Insuring the Babe

Written by: Ryan Turnquist

In the winter of 1920, Babe Ruth was purchased by the New York Yankees – and a dynasty was born.

But along the way, Ruth – soon to be a legend and a Hall of Famer – made sure his future was financially sound, even before the days when he was out-earning the President of the United States.

Ruth hit 54 home runs in his first season as a Yankee in 1920 and followed that up with 59 the next season, power numbers that dwarfed those before him. He also had the reputation of enjoying off-field activities, thus both Ruth and the Yankees felt the need to insure him.

The Library archive at the National Baseball Hall of Fame and Museum contains insurance policies and other related documents from Ruth’s early days as a Yankee. Perhaps most interesting is the timing in which these policies were sought. One of the earliest insurance artifacts in the archives was a Western Union telegram from April 3, 1920, roughly three months after Ruth had been purchased by the Yankees.

Western Union telegram from April 3, 1920 outlining Babe Ruth's insurance policies. (National Baseball Hall of Fame Library)

The telegram reveals that shortly after signing with the Yankees, that Ruth actually had as many as five insurance policies. The artifact mentions the insurance companies: Travelers, Aetna, Equitable, Hartford, and Fidelity Casualty, in reference to Ruth. A sure sign that he was unsurprisingly, one of the more valuable commodities in America at the time.

“The fact that it comes as he is joining the Yankees seems to foreshadow his future success. Ruth was on the verge of becoming a mega-star, and he knew it,” Hall of Fame Vice President of Exhibitions and Collections Erik Strohl said.

After his 54-homer season in 1920, Ruth and his insurance agent Sherwood Hard sought an increase on one of his policies from Fidelity. An archived letter from Hard to Yankees general manager (and future Hall of Famer) Ed Barrow explains that Hard is working on an insurance increase for Ruth and also makes note that the policies are only used to cover off-field accidents and not on-field injury.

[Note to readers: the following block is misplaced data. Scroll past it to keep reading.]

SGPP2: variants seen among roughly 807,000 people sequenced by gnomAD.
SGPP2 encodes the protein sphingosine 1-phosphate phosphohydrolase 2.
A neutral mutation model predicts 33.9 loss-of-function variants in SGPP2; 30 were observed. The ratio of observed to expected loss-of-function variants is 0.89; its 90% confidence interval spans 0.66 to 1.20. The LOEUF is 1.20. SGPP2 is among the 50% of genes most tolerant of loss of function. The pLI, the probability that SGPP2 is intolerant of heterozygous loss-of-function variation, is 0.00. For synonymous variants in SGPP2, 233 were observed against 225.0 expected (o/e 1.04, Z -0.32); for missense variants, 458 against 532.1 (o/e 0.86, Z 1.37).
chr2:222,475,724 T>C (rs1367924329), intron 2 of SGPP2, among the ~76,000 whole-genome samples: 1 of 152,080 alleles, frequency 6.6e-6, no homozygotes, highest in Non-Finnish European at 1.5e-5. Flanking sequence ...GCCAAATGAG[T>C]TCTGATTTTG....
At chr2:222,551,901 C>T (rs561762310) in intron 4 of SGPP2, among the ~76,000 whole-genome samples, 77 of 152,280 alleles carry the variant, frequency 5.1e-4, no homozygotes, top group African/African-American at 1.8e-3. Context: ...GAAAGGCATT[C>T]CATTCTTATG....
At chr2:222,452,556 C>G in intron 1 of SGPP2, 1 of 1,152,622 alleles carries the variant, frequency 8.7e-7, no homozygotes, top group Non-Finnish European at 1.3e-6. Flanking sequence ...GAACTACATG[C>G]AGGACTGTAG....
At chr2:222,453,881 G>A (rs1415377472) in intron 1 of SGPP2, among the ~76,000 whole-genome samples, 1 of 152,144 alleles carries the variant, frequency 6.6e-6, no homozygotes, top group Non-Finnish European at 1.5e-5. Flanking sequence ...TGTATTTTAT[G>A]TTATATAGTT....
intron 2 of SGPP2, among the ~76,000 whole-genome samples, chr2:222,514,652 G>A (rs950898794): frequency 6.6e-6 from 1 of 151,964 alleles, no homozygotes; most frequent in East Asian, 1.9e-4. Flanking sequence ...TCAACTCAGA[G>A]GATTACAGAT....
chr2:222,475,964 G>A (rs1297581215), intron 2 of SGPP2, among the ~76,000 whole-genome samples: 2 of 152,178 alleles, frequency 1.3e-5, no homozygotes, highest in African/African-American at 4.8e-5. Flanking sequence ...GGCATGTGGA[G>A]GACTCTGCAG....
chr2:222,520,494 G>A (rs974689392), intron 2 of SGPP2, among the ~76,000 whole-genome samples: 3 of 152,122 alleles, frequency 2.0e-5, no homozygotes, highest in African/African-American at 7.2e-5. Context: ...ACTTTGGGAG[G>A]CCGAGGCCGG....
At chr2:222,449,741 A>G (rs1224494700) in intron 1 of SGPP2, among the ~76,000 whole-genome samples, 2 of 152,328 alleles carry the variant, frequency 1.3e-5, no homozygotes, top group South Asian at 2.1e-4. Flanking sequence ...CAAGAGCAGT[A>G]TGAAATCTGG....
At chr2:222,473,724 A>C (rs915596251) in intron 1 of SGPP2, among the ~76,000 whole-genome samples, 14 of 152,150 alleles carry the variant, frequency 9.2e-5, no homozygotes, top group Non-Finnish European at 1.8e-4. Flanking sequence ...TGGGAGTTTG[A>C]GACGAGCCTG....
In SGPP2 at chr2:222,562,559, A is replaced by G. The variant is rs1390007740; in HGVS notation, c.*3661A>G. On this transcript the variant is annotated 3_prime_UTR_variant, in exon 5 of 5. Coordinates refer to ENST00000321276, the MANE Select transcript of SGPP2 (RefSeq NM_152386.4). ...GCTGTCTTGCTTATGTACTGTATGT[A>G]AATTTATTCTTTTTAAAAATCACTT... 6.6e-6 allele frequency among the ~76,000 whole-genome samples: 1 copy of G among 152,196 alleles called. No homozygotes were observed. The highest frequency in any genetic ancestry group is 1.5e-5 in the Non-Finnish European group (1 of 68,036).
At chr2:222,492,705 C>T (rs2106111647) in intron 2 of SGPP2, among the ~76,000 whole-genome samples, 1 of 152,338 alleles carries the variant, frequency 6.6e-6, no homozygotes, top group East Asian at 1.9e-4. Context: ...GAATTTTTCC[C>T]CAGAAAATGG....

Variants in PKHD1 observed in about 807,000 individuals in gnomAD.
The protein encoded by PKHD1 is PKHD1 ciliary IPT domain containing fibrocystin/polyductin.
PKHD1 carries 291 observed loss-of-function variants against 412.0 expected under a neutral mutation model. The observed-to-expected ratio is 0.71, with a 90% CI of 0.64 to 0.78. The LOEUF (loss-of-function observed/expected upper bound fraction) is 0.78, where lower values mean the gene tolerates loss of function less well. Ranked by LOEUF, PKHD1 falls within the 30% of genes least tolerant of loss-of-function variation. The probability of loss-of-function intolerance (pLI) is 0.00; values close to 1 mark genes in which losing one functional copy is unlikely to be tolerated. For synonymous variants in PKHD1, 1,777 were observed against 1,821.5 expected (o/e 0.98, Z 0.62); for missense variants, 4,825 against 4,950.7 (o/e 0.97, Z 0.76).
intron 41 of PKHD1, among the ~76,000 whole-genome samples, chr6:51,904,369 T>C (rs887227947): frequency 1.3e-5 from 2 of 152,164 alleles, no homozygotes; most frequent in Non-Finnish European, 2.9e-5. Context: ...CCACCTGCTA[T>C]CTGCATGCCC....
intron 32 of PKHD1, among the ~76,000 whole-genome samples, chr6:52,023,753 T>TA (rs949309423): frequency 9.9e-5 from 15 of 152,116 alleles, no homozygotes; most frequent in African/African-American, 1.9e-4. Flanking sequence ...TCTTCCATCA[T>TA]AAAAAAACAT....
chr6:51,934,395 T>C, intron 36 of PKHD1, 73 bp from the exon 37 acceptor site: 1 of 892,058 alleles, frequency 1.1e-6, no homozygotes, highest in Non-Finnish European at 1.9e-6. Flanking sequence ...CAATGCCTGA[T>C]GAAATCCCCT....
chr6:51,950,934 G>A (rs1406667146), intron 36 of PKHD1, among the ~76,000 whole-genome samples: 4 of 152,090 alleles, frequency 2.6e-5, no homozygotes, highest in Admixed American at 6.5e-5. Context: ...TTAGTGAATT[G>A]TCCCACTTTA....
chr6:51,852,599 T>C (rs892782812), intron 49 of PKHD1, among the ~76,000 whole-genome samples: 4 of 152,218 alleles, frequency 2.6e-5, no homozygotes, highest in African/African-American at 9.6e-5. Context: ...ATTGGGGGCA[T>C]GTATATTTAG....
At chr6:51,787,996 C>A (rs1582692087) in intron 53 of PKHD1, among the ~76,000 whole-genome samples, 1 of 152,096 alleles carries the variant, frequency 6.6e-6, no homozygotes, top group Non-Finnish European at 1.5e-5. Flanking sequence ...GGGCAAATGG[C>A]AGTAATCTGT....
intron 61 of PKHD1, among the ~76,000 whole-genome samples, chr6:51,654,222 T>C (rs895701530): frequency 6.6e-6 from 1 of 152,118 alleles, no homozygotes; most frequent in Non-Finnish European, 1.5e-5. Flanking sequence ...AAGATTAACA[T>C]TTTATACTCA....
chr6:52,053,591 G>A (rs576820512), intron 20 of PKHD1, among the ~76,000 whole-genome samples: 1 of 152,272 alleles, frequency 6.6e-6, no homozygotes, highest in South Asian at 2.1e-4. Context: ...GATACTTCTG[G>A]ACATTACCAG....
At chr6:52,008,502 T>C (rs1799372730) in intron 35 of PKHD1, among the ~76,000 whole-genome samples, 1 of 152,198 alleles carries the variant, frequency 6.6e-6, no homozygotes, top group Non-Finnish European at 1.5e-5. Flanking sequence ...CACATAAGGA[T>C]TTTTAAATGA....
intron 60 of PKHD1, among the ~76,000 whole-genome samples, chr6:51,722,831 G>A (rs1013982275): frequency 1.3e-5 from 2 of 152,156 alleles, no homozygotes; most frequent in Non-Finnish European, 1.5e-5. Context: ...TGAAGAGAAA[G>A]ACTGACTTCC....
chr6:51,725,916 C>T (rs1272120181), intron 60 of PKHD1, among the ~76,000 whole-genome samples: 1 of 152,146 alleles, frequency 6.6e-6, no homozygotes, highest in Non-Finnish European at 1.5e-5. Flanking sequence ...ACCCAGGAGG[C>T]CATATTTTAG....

MLB’s relationship with insurance companies continues to this day. On June 2, MLB and The Hartford announced a deal to make the insurance company an official sponsor of the league. One day prior to the announcement, Richard Sandomir of the New York Times wrote a story detailing insurance policies that Babe Ruth applied for in 1920, shortly after his career with the Boston Red Sox came to an end.

Other documents found in the archives at the Hall of Fame include receipts of insurance policies of Ruth from the 1920s and 30s, as well as applications for insurance policies from this time.

“In a day and age when it is just a given that players would have accident insurance because of how valuable their contracts are, it is really neat to see the stuff related to Babe Ruth, arguably the first great national sports hero who transcended sport to become an American icon,” Strohl said.

Ruth was inducted into Hall of Fame as part of the inaugural class in 1936.


Ryan Turnquist is the 2015 public relations intern in the Frank and Peggy Steele Internship Program at the National Baseball Hall of Fame and Museum
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